I’m not sure that it would ever be possible to totally separate politics and belief, or remove them from public entities, in their entirety however; these are constant and core flows within most human minds. But, an individual (or group) belief system should never dictate the beliefs of others (usually a minority) or even, present any barriers or negative impacts for access to public services. The problematic area here is, those clearly defined levels of balance, between providing; fully inconclusive services and ones that are delivered from the perspective of bigotry.
Religion, Secularism and Politics: It is indisputable that religion is an important element of the political culture and an important factor in the political system, which is all due to the fact that the political tradition is inseparable from the cultural and religious aspects. (Read more)
Now back to commenting on the impacts of the proposed Australian Freedom of Religion Bill. Ryan McGlaughlin, the Executive Director of SMART Recovery Australia said in a recent blog;
People deserve to have their beliefs protected, but never at the cost of the wellbeing of our community. In a proudly multicultural, multi-faith and pluralistic secular society such as ours, one that benefits from our differences, it is vital that we embrace, protect and include those people who are most vulnerable to hate and exclusion. (Ryan McGlaughlin)
Can it ever be right to “prioritises the right to religious belief over any other legal rights” like health-care? Seeking to dilute or dissolve any fundamental human-rights; “destabilises pluralistic, democratic beliefs and prioritises religious rights over the obligations of health professionals?”
Secular Health-care: The generally secular nature of our health services is what allows them to serve people of all faiths and none equally, and to welcome people of all faiths and none into the noble endeavour of healthcare. Secularism should be a professional standard, so that patient care not religious concerns always comes first. (National Secular Society)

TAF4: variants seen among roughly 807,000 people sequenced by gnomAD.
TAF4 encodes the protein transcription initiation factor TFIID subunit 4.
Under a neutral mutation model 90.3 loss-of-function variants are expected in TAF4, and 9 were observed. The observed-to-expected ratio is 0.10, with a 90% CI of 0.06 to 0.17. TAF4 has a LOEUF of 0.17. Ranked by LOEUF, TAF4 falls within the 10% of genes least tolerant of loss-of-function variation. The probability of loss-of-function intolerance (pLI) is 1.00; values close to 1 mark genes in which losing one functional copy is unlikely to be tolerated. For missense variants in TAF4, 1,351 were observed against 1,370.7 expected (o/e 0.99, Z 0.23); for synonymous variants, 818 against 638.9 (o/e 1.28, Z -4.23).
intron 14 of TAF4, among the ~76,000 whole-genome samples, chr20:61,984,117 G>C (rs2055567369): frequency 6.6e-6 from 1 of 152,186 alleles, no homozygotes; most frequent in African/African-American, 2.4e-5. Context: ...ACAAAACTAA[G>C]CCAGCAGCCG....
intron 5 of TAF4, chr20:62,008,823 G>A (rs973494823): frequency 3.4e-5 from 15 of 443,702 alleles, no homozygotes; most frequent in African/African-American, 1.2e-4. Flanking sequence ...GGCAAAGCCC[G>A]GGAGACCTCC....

In answer to my original question on health-care (above), the simple answer has to be a resounding NO and I totally agree with McGlaughlin’s observations in that; Hippocrates would be turning in his grave if he ever heard any health-care professional announce; I won’t be treating you because I fundamentally disagree with your beliefs or lifestyle choices!
But some Australians are worried about the ‘demise’ of their religion(s), in a world that is increasingly made up of secular societies. The core of a lecture during the [Australian] 2019 Freedom for Faith conference, delivered by Dr Rory Shiner, a Pastor from the Gospel Coalition of Australia asked… – What Happens After The Last Christian?: Australia, Secularisation and God.
As Christians, our concern is not only to see the religious freedom of Christians protected. Australia is becoming more pluralised and secular in its beliefs. Freedom of religion must necessarily include people with very different beliefs. It provides the means by which people with diverse and deeply held beliefs are able to live together well. (Freedom For Faith)
I can understand some of Shiner’s views and concerns, at least in part. But I suspect that he, as with some other devote followers of (any) religion, is wholly uncomfortable about there being less people believing in what he believes in. Especially when they think that life is, or should (must) be governed and guided by their particular brand of tenets and beliefs.